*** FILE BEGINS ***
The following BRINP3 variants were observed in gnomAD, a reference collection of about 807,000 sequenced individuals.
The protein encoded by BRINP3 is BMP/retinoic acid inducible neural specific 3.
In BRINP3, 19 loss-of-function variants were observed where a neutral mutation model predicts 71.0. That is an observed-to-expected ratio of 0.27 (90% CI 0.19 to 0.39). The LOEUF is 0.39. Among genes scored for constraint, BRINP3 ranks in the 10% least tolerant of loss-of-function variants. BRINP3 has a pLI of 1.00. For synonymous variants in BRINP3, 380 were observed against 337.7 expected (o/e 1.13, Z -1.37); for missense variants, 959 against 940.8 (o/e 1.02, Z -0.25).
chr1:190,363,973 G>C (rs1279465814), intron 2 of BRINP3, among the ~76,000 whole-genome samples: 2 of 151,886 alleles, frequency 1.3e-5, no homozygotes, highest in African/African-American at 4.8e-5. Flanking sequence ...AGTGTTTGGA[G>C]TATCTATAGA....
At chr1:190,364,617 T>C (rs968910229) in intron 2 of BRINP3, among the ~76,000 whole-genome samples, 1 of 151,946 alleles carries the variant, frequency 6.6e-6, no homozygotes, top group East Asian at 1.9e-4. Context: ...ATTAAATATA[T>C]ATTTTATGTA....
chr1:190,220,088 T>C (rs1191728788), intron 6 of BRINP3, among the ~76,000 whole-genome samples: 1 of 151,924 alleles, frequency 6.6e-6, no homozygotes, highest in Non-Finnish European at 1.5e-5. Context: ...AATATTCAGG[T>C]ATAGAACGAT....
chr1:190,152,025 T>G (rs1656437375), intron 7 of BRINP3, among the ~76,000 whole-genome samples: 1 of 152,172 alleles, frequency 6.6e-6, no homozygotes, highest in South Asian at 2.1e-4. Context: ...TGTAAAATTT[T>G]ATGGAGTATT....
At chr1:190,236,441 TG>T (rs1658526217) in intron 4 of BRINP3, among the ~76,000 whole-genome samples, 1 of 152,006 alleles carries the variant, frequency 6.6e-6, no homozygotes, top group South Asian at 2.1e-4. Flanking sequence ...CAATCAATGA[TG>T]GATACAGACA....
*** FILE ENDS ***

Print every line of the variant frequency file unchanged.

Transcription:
The following BRINP3 variants were observed in gnomAD, a reference collection of about 807,000 sequenced individuals.
The protein encoded by BRINP3 is BMP/retinoic acid inducible neural specific 3.
In BRINP3, 19 loss-of-function variants were observed where a neutral mutation model predicts 71.0. That is an observed-to-expected ratio of 0.27 (90% CI 0.19 to 0.39). The LOEUF is 0.39. Among genes scored for constraint, BRINP3 ranks in the 10% least tolerant of loss-of-function variants. BRINP3 has a pLI of 1.00. For synonymous variants in BRINP3, 380 were observed against 337.7 expected (o/e 1.13, Z -1.37); for missense variants, 959 against 940.8 (o/e 1.02, Z -0.25).
chr1:190,363,973 G>C (rs1279465814), intron 2 of BRINP3, among the ~76,000 whole-genome samples: 2 of 151,886 alleles, frequency 1.3e-5, no homozygotes, highest in African/African-American at 4.8e-5. Flanking sequence ...AGTGTTTGGA[G>C]TATCTATAGA....
At chr1:190,364,617 T>C (rs968910229) in intron 2 of BRINP3, among the ~76,000 whole-genome samples, 1 of 151,946 alleles carries the variant, frequency 6.6e-6, no homozygotes, top group East Asian at 1.9e-4. Context: ...ATTAAATATA[T>C]ATTTTATGTA....
chr1:190,220,088 T>C (rs1191728788), intron 6 of BRINP3, among the ~76,000 whole-genome samples: 1 of 151,924 alleles, frequency 6.6e-6, no homozygotes, highest in Non-Finnish European at 1.5e-5. Context: ...AATATTCAGG[T>C]ATAGAACGAT....
chr1:190,152,025 T>G (rs1656437375), intron 7 of BRINP3, among the ~76,000 whole-genome samples: 1 of 152,172 alleles, frequency 6.6e-6, no homozygotes, highest in South Asian at 2.1e-4. Context: ...TGTAAAATTT[T>G]ATGGAGTATT....
At chr1:190,236,441 TG>T (rs1658526217) in intron 4 of BRINP3, among the ~76,000 whole-genome samples, 1 of 152,006 alleles carries the variant, frequency 6.6e-6, no homozygotes, top group South Asian at 2.1e-4. Flanking sequence ...CAATCAATGA[TG>T]GATACAGACA....